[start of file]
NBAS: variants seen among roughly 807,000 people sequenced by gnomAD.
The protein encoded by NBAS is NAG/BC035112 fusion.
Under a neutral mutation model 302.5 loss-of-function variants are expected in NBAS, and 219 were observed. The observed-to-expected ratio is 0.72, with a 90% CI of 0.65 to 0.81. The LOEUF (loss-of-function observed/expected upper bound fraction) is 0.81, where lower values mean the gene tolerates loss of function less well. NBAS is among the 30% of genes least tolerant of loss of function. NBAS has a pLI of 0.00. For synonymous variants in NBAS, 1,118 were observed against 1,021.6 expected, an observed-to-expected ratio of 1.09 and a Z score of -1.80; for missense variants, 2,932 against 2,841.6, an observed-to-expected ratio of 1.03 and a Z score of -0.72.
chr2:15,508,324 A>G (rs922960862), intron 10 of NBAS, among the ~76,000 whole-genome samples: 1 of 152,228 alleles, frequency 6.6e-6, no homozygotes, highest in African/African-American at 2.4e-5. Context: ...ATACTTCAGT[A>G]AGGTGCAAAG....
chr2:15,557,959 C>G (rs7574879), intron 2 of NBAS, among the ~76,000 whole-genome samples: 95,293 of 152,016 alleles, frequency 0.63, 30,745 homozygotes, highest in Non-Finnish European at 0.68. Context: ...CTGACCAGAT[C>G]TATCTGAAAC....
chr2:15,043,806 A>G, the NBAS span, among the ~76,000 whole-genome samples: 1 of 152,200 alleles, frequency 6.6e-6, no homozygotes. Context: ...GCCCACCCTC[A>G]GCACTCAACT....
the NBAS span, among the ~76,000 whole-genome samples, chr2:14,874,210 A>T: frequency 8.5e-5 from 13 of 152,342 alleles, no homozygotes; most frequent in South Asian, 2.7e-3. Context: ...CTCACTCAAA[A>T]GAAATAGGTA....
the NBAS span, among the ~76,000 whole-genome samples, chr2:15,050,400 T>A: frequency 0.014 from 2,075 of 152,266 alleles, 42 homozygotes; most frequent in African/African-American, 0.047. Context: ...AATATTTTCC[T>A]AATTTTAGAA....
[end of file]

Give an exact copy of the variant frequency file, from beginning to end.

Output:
NBAS: variants seen among roughly 807,000 people sequenced by gnomAD.
The protein encoded by NBAS is NAG/BC035112 fusion.
Under a neutral mutation model 302.5 loss-of-function variants are expected in NBAS, and 219 were observed. The observed-to-expected ratio is 0.72, with a 90% CI of 0.65 to 0.81. The LOEUF (loss-of-function observed/expected upper bound fraction) is 0.81, where lower values mean the gene tolerates loss of function less well. NBAS is among the 30% of genes least tolerant of loss of function. NBAS has a pLI of 0.00. For synonymous variants in NBAS, 1,118 were observed against 1,021.6 expected, an observed-to-expected ratio of 1.09 and a Z score of -1.80; for missense variants, 2,932 against 2,841.6, an observed-to-expected ratio of 1.03 and a Z score of -0.72.
chr2:15,508,324 A>G (rs922960862), intron 10 of NBAS, among the ~76,000 whole-genome samples: 1 of 152,228 alleles, frequency 6.6e-6, no homozygotes, highest in African/African-American at 2.4e-5. Context: ...ATACTTCAGT[A>G]AGGTGCAAAG....
chr2:15,557,959 C>G (rs7574879), intron 2 of NBAS, among the ~76,000 whole-genome samples: 95,293 of 152,016 alleles, frequency 0.63, 30,745 homozygotes, highest in Non-Finnish European at 0.68. Context: ...CTGACCAGAT[C>G]TATCTGAAAC....
chr2:15,043,806 A>G, the NBAS span, among the ~76,000 whole-genome samples: 1 of 152,200 alleles, frequency 6.6e-6, no homozygotes. Context: ...GCCCACCCTC[A>G]GCACTCAACT....
the NBAS span, among the ~76,000 whole-genome samples, chr2:14,874,210 A>T: frequency 8.5e-5 from 13 of 152,342 alleles, no homozygotes; most frequent in South Asian, 2.7e-3. Context: ...CTCACTCAAA[A>T]GAAATAGGTA....
the NBAS span, among the ~76,000 whole-genome samples, chr2:15,050,400 T>A: frequency 0.014 from 2,075 of 152,266 alleles, 42 homozygotes; most frequent in African/African-American, 0.047. Context: ...AATATTTTCC[T>A]AATTTTAGAA....